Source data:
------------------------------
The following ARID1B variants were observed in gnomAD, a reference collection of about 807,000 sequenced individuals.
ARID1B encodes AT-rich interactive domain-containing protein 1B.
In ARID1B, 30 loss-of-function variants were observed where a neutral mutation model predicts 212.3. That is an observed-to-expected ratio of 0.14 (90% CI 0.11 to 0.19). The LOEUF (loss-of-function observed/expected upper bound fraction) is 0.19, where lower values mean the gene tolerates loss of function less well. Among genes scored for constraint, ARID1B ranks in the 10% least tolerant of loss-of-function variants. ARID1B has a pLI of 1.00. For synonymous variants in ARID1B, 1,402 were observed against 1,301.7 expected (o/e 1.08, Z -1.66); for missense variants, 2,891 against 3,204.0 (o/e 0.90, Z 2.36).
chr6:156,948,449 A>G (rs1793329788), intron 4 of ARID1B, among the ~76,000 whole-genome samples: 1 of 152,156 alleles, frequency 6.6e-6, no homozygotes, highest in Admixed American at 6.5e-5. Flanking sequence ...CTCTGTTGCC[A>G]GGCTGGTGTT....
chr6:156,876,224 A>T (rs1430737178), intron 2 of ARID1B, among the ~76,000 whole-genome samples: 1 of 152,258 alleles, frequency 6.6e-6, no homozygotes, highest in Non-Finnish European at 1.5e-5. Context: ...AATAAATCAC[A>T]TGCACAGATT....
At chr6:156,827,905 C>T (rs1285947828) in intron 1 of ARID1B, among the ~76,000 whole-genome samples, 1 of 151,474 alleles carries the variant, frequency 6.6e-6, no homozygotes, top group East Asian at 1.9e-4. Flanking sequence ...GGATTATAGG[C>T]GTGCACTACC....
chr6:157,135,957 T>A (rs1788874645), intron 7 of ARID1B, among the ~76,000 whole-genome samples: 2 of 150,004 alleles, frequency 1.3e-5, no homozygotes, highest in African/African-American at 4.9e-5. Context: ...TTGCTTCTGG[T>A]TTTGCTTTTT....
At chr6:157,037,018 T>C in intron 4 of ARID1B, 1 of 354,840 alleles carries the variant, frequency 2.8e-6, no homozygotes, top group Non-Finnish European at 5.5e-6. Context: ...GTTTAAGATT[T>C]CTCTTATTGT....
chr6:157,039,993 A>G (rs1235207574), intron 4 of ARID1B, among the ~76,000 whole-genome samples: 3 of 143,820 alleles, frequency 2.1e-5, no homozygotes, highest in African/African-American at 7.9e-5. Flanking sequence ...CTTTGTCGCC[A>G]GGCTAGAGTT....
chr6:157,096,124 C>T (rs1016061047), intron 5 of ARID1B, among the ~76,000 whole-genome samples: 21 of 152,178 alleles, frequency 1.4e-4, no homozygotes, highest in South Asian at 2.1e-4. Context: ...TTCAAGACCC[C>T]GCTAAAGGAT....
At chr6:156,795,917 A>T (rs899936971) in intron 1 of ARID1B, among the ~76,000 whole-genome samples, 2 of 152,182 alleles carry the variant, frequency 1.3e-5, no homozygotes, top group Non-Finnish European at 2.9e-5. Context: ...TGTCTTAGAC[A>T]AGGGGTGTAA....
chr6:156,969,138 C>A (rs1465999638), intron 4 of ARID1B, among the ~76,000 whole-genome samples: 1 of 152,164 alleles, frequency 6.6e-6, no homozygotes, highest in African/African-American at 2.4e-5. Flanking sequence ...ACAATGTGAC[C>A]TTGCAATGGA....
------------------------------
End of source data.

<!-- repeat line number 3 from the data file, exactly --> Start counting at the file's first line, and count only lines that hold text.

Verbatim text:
In ARID1B, 30 loss-of-function variants were observed where a neutral mutation model predicts 212.3. That is an observed-to-expected ratio of 0.14 (90% CI 0.11 to 0.19). The LOEUF (loss-of-function observed/expected upper bound fraction) is 0.19, where lower values mean the gene tolerates loss of function less well. Among genes scored for constraint, ARID1B ranks in the 10% least tolerant of loss-of-function variants. ARID1B has a pLI of 1.00. For synonymous variants in ARID1B, 1,402 were observed against 1,301.7 expected (o/e 1.08, Z -1.66); for missense variants, 2,891 against 3,204.0 (o/e 0.90, Z 2.36).